Misusing of Article 356 for Political Existence
Misusing of Article 356 for Political Existence
Politics is always a hot topic in India. From the office to tea corner everyone talks about politics.
India is a parliamentary democratic republic country and it has had a vast number of political parties during its record under a democratic administration. India pursues the double government that comprises of the central government at the centre and state governments at the perimeter. Before the independent, politics and India was strongly connected even India has the witness of many political histories. In India, politics is strongly involved in social and economical issues.
With the growing years, the number of terrible politics also increased. The impact of this awful politics is visible in every sector of India even this impact is also visible in the Constitution of India.
What is Article 356?
Article 356 of the Constitution of India is a power that endows the President of India to rescind from the Union the executive and legislative powers of any state if he is satisfied that a situation has ensued in which the government of the state cannot be ensured by the provisions of the Constitution.
Father of Constitution B.R.Ambedkar proclaimed Article 356 as the dead letter. Article 365 of the Constitution of India is an expansion to the emergency powers of President. It deals with the subject of constitutional break down or the delinquency of constitutional machinery. According to Article 365, summoning comes under the primacy of the executive and not the judiciary. Article 356 of the Indian Constitution lay down that President rule can be assigned in any state of India on grounds of failure of Constitutional machinery. The failure is of two types which are stated below:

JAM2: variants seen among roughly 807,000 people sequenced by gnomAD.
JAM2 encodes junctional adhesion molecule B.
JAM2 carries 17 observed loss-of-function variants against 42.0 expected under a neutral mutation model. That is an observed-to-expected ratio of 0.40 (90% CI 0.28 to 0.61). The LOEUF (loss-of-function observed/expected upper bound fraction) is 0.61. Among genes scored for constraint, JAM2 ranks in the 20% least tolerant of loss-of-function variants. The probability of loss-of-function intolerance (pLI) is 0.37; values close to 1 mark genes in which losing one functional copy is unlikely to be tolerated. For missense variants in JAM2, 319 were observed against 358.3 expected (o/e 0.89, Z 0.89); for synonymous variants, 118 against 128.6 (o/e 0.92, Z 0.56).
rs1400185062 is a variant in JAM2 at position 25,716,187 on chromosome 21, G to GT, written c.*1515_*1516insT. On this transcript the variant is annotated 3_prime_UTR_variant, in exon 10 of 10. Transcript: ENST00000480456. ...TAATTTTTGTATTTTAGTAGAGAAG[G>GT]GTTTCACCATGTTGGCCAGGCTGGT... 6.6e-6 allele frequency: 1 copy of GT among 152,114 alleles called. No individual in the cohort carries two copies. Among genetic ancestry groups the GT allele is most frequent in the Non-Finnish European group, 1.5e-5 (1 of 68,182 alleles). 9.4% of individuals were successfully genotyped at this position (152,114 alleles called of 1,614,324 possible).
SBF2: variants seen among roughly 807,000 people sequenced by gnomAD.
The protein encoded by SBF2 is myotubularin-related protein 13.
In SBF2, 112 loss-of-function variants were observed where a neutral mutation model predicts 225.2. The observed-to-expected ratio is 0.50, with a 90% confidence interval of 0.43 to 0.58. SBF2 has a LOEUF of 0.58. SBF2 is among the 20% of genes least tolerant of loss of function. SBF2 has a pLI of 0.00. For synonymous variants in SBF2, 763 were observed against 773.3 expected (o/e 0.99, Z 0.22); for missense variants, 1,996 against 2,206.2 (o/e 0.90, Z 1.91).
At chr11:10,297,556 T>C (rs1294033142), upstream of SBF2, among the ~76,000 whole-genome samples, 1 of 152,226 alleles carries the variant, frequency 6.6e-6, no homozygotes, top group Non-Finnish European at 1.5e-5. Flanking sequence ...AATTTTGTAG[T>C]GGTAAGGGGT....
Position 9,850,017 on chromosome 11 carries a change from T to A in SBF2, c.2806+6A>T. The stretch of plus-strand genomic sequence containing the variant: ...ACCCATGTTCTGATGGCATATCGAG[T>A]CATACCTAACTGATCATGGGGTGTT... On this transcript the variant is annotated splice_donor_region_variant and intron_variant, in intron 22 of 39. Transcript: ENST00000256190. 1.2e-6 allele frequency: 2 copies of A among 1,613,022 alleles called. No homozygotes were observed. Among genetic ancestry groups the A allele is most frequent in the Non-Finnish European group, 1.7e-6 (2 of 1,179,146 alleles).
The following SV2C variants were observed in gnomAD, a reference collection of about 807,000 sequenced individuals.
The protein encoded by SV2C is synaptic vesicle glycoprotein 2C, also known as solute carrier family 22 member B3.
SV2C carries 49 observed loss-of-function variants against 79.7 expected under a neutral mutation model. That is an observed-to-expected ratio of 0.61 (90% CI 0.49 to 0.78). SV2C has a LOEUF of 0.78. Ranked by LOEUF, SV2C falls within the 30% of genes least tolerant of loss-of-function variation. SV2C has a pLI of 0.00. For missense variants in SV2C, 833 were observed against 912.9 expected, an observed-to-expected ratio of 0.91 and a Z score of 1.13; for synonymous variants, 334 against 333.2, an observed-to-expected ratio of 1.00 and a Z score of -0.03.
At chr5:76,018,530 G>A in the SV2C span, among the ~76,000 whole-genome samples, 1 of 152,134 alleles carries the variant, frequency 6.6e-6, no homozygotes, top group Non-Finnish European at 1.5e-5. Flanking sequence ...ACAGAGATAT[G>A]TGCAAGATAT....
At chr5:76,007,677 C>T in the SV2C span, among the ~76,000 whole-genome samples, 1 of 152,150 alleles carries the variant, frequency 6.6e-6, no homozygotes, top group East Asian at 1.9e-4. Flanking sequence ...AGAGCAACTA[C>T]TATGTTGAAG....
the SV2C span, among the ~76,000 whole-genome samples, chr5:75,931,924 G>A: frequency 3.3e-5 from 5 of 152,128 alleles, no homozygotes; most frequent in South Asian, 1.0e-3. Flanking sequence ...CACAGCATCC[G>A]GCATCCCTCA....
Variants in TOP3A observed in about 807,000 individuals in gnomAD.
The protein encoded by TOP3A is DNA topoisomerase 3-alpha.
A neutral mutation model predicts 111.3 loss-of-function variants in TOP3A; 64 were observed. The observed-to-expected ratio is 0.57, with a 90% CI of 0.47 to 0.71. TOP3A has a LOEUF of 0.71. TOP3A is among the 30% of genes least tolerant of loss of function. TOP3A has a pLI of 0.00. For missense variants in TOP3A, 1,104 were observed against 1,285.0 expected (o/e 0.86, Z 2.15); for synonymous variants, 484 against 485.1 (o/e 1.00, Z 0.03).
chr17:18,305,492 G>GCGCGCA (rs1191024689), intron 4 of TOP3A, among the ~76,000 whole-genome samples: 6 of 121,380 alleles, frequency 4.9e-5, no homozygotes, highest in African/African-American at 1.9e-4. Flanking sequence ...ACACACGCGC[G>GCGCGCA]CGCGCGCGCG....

• If President of India on notice of the report by Governor of a State is satisfied that the crisis has arisen in which government of that state cannot be held by provisions of the Constitution then-President Rule can be assessed.
• Article 365 of Constitution of India asserts that every state of India shall acknowledge with all directions given by Union on substances it certifies to do so. If any state fails to fulfill with directions of the union then-President Rule can be assessed.
Article 356 is also called State Emergency or Constitutional Emergency.
Provisions of Article 356:-
Article 356 enshrined in the Constitution of India as a special power to the President of India. It gives the President of India a power to rescind state government and assign the President’s rule in any state of India if he is satisfied that the circumstance has happened in which the state government cannot be kept by the provisions of the Constitution.
After the declaration of Article 356, the state will fall under the direct supervision of the union government, and the Governor will resume heading the proceedings, embodying the President of India, the Head of the State.
The state will have then no Council of Ministers. The imposition of the President’s rule compels the authorization of both the upper house and lower house of Parliament of India.
After the approval from both houses, the President’s rule can go on for six months to three years.
Historical background of Article 356:-